Are you looking to get started on a hospital-based quality improvement project? The Society of Hospital Medicine’s (SHM’s) Quality 101 resources draw from the knowledge and experience of renowned national experts in the field of quality and patient safety. Quality 101 showcases six important points critical to the success of quality improvement in the hospital.
Establishing substantive goals is essential for maintaining focus and motivating the team.
Eventually your aims should be specific, measurable and time-defined and should specify the population or populations for whom you want to improve care. A "stretch" goal should be established that should be aggressive enough to mandate a change in the design of your current process in order to achieve it. Until you have reliable metrics and a baseline evaluation, however, team-supported general aims or goals can be important for galvanizing action and establishing clarity of purpose.
One important task is to define the scope of your efforts. Do you want to focus on just one ward or service? Critical care patients, ward patients, or both? Will you focus on medical patients, surgical patients, or both? SHM encourages a broad view of the scope of your efforts as affecting all inpatients with hyperglycemia, but it may be reasonable to start small and then spread your improvement methods to other areas. On the other hand, even if the scope of your effort includes all patients in your hospital or system, the interventions you choose should be piloted on a small scale when possible. The bottom line is this: think BIG. While you should not take on more than what is achievable, testing and learning on a small scale can make even very large projects more manageable.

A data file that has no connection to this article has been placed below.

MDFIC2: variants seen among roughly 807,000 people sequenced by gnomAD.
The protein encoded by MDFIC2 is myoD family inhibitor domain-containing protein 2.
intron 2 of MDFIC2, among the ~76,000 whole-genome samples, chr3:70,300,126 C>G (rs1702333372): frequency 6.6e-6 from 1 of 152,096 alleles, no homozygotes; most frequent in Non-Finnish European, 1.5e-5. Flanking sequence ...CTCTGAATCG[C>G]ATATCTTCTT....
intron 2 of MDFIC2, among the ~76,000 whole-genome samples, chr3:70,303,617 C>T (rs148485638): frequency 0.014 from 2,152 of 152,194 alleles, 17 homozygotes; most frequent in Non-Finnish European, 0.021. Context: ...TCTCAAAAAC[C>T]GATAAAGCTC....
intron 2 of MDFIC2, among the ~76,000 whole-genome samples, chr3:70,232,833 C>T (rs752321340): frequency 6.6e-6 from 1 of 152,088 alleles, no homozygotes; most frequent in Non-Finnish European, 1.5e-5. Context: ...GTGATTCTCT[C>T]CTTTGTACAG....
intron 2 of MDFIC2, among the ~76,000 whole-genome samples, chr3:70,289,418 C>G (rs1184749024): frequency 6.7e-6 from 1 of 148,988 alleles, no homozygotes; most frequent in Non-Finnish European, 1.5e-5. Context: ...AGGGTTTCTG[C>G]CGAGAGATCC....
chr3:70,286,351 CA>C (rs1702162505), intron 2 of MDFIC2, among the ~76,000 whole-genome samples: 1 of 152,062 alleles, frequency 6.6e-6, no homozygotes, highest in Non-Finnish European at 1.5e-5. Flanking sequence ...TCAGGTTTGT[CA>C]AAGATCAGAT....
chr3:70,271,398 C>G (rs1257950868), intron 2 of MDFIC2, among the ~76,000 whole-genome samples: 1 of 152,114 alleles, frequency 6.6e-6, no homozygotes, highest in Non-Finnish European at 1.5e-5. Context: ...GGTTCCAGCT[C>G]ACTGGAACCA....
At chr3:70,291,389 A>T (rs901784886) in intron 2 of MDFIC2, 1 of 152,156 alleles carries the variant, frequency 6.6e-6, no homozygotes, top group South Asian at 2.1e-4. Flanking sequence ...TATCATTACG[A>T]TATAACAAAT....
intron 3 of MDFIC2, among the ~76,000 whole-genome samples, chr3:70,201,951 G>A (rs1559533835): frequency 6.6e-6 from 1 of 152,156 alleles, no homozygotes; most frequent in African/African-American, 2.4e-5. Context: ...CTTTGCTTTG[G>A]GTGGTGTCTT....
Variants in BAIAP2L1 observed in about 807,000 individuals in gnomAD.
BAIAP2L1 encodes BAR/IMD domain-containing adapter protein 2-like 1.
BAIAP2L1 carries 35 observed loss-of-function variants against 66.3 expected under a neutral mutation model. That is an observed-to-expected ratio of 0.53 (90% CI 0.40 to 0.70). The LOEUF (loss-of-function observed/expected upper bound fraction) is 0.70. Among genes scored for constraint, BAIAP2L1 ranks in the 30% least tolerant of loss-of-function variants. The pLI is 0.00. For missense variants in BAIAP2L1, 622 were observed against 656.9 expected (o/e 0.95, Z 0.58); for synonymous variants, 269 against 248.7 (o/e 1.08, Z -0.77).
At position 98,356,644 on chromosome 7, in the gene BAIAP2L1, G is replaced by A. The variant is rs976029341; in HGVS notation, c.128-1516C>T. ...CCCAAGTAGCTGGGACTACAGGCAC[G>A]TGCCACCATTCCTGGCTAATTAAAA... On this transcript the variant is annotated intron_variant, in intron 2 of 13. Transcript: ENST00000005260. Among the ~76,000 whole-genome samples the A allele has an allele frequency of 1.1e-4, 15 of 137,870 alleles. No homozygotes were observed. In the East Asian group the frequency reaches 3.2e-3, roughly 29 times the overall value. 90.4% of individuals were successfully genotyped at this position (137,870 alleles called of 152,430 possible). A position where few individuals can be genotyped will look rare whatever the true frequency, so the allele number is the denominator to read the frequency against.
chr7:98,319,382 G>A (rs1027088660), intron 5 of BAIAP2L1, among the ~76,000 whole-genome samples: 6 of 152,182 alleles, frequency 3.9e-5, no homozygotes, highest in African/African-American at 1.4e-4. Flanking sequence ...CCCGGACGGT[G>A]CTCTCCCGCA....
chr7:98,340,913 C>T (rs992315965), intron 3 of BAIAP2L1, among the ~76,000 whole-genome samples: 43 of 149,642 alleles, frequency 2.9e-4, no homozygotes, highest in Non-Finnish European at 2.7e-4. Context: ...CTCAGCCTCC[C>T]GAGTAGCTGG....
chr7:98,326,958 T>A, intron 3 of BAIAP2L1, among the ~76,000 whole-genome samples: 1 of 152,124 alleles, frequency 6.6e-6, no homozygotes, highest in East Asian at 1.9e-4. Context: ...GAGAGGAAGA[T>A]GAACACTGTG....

Examples of General Aims:
As your team develops, your challenge will be to define many of the terms in your general aim, which will entail developing defined metrics and more mature, specific, time-defined aims. For example, what aspects of the process or issue do you want to improve first? What are the factors that lead to lower quality or an unsafe condition? How can you educate caregivers about these issues?
If you need additional support in leading a quality improvement effort, SHM’s signature programs can guide your team through each phase and provide individual mentoring in areas such as care transitions (Project BOOST®), Glycemic Control (GC), Medication Reconciliation (MARQUIS), Atrial Fibrillation (AFIB) and Venous Thromboembolism (VTE). We also provide resources by clinical topic to help you find exactly what you need.
No matter where you are in the spectrum, SHM can assist you in your efforts. SHM encourages you to join the QI community and view the calendar for up to date information on key events and discussions around the quality and innovation movement.
Questions or Comments, please email firstname.lastname@example.org.